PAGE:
Generation of glucose-responsive, insulin-producing cells from human umbilical cord blood-derived mesenchymal stem cells.

Research paper by Kamalaveni R KR Prabakar, Juan J Domínguez-Bendala, R Damaris RD Molano, Antonello A Pileggi, Susana S Villate, Camillo C Ricordi, Luca L Inverardi

Indexed on: 27 Dec '11Published on: 27 Dec '11Published in: Cell transplantation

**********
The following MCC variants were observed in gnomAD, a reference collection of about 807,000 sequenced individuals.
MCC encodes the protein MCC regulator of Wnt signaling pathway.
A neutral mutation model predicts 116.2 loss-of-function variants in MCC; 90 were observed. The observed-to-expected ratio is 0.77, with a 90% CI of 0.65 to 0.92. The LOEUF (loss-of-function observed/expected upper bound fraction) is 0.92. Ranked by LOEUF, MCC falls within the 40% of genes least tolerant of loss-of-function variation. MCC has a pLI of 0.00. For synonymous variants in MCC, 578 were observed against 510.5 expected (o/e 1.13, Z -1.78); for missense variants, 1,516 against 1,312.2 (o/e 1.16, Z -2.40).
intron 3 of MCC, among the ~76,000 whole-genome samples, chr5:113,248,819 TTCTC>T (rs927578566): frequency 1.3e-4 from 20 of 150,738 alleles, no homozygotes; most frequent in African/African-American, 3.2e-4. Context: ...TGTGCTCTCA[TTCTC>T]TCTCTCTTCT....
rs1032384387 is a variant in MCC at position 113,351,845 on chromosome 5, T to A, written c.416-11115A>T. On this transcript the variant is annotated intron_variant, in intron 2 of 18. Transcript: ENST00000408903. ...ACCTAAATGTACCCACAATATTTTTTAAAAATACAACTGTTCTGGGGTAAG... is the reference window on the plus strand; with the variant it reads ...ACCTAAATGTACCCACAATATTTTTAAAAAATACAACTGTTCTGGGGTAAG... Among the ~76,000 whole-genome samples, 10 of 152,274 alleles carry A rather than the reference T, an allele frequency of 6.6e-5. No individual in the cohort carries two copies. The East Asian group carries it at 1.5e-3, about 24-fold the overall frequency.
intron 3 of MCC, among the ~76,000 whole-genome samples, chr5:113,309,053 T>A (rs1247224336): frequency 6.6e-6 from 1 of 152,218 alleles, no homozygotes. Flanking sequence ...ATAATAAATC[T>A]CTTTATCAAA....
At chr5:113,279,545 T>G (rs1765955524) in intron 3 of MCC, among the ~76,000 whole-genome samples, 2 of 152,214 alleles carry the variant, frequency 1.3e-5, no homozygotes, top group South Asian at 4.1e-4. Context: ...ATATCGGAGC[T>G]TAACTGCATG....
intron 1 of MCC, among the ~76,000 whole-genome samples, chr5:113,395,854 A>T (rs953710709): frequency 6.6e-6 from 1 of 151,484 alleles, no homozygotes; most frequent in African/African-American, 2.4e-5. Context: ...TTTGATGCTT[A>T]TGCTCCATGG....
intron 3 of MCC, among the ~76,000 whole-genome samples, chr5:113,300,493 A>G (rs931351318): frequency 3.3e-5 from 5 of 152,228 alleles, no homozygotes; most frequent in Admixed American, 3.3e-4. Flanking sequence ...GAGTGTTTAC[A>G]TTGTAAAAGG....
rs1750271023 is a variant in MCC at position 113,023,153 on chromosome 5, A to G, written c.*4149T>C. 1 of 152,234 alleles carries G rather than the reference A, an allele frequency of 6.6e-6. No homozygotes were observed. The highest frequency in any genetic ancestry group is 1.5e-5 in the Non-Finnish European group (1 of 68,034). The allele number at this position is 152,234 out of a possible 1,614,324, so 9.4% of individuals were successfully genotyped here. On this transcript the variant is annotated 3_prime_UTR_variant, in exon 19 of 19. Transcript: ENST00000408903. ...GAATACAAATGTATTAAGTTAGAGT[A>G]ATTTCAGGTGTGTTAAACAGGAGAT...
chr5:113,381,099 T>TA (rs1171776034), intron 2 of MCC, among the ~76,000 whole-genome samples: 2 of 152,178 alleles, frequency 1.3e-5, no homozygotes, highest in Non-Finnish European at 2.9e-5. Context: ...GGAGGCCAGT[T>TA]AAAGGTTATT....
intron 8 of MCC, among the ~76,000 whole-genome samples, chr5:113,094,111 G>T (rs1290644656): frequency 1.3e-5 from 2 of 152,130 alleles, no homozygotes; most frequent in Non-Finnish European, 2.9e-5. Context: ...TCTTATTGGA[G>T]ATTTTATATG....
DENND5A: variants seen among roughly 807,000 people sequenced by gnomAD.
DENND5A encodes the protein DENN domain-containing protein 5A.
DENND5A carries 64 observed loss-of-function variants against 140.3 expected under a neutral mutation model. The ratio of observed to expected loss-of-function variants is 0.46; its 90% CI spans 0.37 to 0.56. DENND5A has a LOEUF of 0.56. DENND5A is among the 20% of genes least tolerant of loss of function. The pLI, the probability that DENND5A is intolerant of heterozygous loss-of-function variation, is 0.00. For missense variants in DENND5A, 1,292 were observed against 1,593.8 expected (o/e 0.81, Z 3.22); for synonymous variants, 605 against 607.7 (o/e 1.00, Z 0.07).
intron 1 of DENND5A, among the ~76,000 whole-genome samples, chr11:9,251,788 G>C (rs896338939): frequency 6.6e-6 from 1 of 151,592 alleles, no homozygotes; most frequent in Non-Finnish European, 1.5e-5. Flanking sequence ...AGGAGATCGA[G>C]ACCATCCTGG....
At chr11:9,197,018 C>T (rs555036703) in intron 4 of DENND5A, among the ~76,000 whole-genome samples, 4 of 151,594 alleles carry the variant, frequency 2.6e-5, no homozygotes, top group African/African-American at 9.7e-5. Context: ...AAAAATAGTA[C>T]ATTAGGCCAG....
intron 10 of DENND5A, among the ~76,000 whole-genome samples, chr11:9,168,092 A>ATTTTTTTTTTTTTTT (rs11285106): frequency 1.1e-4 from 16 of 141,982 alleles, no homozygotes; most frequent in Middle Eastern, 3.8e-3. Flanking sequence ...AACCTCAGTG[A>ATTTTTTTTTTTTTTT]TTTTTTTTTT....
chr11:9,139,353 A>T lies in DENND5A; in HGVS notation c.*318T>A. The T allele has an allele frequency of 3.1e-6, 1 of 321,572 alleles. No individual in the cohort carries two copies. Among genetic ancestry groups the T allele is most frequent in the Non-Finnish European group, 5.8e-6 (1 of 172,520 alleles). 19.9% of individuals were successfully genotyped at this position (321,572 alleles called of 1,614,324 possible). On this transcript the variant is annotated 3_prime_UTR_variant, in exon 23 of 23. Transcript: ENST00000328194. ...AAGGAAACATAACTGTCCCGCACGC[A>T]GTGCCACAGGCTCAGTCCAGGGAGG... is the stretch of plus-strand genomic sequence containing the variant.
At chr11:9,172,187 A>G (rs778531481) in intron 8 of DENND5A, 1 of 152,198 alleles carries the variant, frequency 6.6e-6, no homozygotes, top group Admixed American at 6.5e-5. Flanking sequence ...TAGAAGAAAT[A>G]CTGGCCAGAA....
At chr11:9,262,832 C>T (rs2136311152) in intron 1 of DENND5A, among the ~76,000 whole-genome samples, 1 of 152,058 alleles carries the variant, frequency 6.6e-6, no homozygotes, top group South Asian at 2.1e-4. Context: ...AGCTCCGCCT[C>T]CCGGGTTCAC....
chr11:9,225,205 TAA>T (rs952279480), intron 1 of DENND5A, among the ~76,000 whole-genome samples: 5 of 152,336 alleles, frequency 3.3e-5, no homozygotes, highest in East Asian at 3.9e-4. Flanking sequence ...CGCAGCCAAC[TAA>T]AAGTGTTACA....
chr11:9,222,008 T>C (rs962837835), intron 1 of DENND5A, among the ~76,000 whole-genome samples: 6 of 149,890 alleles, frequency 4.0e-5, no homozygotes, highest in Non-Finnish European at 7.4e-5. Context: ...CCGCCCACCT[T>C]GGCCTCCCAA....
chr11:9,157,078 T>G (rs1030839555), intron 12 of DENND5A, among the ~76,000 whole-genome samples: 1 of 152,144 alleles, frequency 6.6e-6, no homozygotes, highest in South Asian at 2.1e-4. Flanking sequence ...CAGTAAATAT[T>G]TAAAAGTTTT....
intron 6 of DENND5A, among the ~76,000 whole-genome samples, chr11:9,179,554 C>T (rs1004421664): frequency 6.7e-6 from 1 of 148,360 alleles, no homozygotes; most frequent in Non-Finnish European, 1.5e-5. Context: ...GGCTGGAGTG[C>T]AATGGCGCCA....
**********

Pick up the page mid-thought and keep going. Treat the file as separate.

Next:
We sought to assess the potential of human cord blood-derived mesenchymal stem cells (CB-MSCs) to derive insulin-producing, glucose-responsive cells. We show here that differentiation protocols based on stepwise culture conditions initially described for human embryonic stem cells (hESCs) lead to differentiation of cord blood-derived precursors towards a pancreatic endocrine phenotype, as assessed by marker expression and in vitro glucose-regulated insulin secretion. Transplantation of these cells in immune-deficient animals shows human C-peptide production in response to a glucose challenge. These data suggest that human cord blood may be a promising source for regenerative medicine approaches for the treatment of diabetes mellitus.